The United States' closest regional partner and member of the "Five Eyes" intelligence-sharing relationship Australia on Friday condemned China's "destabilizing" actions in holding live fire drills surrounding Taiwan, most importantly the launching of ballistic missiles over the island.
"These exercises are disproportionate and destabilizing," Australian Foreign Minister Penny Wong said in a statement on Friday. "This is a serious matter for the region, including for our close strategic partner, Japan," she added in reference to the "Quad" group, which in addition to the US, Australia and Japan includes the large economy of India.
While also condemning the largest PLA exercises in recent history, Canberra’s foreign minister highlighted that the launching of mid-range missiles into waters off Taiwan is "disproportionate," and urged for "restraint and de-escalation" on the part of Beijing.
"Australia is deeply concerned about the launch of ballistic missiles by China into waters around Taiwan’s coastline," Wong said. She further echoed Thursday words of White House NSC spokesman John Kirby which warned of the possibility of "miscalculation".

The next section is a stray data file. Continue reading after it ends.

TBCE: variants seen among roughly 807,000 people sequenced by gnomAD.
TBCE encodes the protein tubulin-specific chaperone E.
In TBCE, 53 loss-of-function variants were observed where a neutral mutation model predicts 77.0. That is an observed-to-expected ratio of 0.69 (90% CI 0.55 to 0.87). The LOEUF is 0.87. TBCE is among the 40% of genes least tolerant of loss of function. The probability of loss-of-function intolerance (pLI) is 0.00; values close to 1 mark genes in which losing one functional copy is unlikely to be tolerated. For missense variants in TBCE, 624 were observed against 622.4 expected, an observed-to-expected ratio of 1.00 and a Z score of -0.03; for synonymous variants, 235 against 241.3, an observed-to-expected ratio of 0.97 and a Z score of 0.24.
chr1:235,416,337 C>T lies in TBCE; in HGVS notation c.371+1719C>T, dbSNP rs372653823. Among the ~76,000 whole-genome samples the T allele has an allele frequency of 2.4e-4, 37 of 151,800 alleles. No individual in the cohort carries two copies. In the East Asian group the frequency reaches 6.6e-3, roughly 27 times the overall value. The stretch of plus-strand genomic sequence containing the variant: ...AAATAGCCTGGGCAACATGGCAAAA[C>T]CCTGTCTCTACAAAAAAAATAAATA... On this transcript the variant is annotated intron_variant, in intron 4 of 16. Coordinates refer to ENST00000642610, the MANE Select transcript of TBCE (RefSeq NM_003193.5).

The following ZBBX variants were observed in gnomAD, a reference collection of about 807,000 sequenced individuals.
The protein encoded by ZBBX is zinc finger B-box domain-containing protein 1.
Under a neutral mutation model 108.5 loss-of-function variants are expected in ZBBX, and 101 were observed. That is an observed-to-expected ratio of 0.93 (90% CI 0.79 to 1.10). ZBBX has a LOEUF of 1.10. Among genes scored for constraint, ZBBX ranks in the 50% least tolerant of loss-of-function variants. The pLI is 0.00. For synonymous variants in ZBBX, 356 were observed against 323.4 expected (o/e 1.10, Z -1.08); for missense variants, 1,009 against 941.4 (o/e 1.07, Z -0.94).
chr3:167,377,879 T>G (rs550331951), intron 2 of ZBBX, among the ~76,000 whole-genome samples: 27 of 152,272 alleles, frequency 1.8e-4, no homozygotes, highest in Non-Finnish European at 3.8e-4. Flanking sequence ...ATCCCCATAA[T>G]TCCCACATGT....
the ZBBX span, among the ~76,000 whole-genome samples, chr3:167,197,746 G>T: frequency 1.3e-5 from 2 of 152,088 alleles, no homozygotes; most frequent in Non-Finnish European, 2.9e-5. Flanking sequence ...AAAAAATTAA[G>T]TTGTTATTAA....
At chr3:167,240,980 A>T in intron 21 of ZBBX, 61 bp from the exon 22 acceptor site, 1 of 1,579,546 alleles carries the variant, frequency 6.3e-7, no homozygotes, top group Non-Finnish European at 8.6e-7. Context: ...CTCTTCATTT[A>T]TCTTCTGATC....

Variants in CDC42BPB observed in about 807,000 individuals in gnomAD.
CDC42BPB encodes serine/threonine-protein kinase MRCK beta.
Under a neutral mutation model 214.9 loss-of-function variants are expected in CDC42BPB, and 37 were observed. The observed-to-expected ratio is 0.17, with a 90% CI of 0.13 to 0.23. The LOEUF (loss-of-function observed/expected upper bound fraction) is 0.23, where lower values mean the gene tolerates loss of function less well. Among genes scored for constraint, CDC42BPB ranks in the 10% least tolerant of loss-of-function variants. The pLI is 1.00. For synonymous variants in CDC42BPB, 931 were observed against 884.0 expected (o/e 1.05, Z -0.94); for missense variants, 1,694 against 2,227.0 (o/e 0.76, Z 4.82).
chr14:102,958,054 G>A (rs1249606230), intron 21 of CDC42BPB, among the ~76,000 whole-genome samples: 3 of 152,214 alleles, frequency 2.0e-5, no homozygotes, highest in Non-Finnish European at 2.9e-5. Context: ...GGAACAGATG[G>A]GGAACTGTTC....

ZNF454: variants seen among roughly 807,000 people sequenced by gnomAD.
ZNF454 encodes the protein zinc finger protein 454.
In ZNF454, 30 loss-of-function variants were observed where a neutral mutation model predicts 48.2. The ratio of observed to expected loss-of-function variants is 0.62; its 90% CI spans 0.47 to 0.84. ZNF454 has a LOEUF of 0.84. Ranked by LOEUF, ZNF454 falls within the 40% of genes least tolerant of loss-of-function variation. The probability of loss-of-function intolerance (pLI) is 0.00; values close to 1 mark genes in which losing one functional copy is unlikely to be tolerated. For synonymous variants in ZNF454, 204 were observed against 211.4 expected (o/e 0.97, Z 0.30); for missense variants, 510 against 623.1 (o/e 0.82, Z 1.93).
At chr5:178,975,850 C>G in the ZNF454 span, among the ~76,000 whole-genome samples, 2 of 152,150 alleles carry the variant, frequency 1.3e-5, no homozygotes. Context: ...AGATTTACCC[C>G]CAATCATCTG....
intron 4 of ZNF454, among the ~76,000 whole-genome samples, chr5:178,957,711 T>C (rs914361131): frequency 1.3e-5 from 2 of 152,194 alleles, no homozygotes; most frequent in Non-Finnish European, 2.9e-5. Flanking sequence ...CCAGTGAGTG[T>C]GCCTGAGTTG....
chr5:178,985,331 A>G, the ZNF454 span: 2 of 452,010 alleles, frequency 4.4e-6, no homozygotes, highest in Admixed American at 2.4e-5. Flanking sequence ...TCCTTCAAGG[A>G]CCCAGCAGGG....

"Australia shares the region’s concerns about this escalating military activity, especially the risks of miscalculation," she said. The day prior, Kirby stressed in a White House briefing, "One of the things that’s troublesome about exercises like this or missile launches like this is the risk of calculation, the risk of a mistake that could actually lead to some sort of conflict."
This after announcing that the USS Ronald Reagan carrier strike group will stay in waters near Taiwan for longer than expected in response to the Chinese PLA drills.
Video: The #PLA Eastern Theater Command Air Force on Fri continued drills around Taiwan island with fighters, bombers, early warning aircraft and electronic recon aircraft. Pilots could visually confirm Taiwan's coastline and the Central Mountain Range. pic.twitter.com/QsFaqgRYyP— Global Times (@globaltimesnews) August 5, 2022
Importantly, the Australian top diplomat further underscored that Canberra won't back a "unilateral change of status quo" across the Taiwan Strait and that it remains committed to the Once China principle.
However, China has been questioning the commitment of the US and its allies, particularly given US weapons transfers to Taiwan, which Washington has stressed are "defensive" and don't constitute a threat to the mainland.